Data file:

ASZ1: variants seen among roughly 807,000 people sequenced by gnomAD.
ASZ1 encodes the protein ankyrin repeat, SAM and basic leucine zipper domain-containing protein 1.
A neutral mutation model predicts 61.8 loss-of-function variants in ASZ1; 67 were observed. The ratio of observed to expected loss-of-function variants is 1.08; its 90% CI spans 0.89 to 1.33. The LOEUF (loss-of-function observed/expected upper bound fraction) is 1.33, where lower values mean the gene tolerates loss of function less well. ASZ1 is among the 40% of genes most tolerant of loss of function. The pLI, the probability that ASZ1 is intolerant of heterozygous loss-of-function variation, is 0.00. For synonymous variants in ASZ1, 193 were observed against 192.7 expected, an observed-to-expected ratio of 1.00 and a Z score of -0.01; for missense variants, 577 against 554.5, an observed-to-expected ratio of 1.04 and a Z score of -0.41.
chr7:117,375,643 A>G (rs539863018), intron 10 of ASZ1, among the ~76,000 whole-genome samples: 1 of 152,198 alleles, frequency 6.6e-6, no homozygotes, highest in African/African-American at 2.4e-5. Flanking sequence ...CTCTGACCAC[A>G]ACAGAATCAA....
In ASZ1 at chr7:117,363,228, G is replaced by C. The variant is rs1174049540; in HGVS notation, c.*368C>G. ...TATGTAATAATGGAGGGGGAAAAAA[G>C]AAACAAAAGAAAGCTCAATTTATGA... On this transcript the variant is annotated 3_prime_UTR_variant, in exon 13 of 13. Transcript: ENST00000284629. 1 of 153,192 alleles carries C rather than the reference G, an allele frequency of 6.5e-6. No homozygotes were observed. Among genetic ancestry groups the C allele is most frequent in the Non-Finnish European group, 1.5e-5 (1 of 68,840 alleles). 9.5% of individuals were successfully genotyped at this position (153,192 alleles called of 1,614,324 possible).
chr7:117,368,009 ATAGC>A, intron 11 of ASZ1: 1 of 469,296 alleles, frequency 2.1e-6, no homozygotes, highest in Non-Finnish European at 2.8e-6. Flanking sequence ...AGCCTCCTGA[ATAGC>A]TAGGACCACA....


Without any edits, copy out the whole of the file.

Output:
ASZ1: variants seen among roughly 807,000 people sequenced by gnomAD.
ASZ1 encodes the protein ankyrin repeat, SAM and basic leucine zipper domain-containing protein 1.
A neutral mutation model predicts 61.8 loss-of-function variants in ASZ1; 67 were observed. The ratio of observed to expected loss-of-function variants is 1.08; its 90% CI spans 0.89 to 1.33. The LOEUF (loss-of-function observed/expected upper bound fraction) is 1.33, where lower values mean the gene tolerates loss of function less well. ASZ1 is among the 40% of genes most tolerant of loss of function. The pLI, the probability that ASZ1 is intolerant of heterozygous loss-of-function variation, is 0.00. For synonymous variants in ASZ1, 193 were observed against 192.7 expected, an observed-to-expected ratio of 1.00 and a Z score of -0.01; for missense variants, 577 against 554.5, an observed-to-expected ratio of 1.04 and a Z score of -0.41.
chr7:117,375,643 A>G (rs539863018), intron 10 of ASZ1, among the ~76,000 whole-genome samples: 1 of 152,198 alleles, frequency 6.6e-6, no homozygotes, highest in African/African-American at 2.4e-5. Flanking sequence ...CTCTGACCAC[A>G]ACAGAATCAA....
In ASZ1 at chr7:117,363,228, G is replaced by C. The variant is rs1174049540; in HGVS notation, c.*368C>G. ...TATGTAATAATGGAGGGGGAAAAAA[G>C]AAACAAAAGAAAGCTCAATTTATGA... On this transcript the variant is annotated 3_prime_UTR_variant, in exon 13 of 13. Transcript: ENST00000284629. 1 of 153,192 alleles carries C rather than the reference G, an allele frequency of 6.5e-6. No homozygotes were observed. Among genetic ancestry groups the C allele is most frequent in the Non-Finnish European group, 1.5e-5 (1 of 68,840 alleles). 9.5% of individuals were successfully genotyped at this position (153,192 alleles called of 1,614,324 possible).
chr7:117,368,009 ATAGC>A, intron 11 of ASZ1: 1 of 469,296 alleles, frequency 2.1e-6, no homozygotes, highest in Non-Finnish European at 2.8e-6. Flanking sequence ...AGCCTCCTGA[ATAGC>A]TAGGACCACA....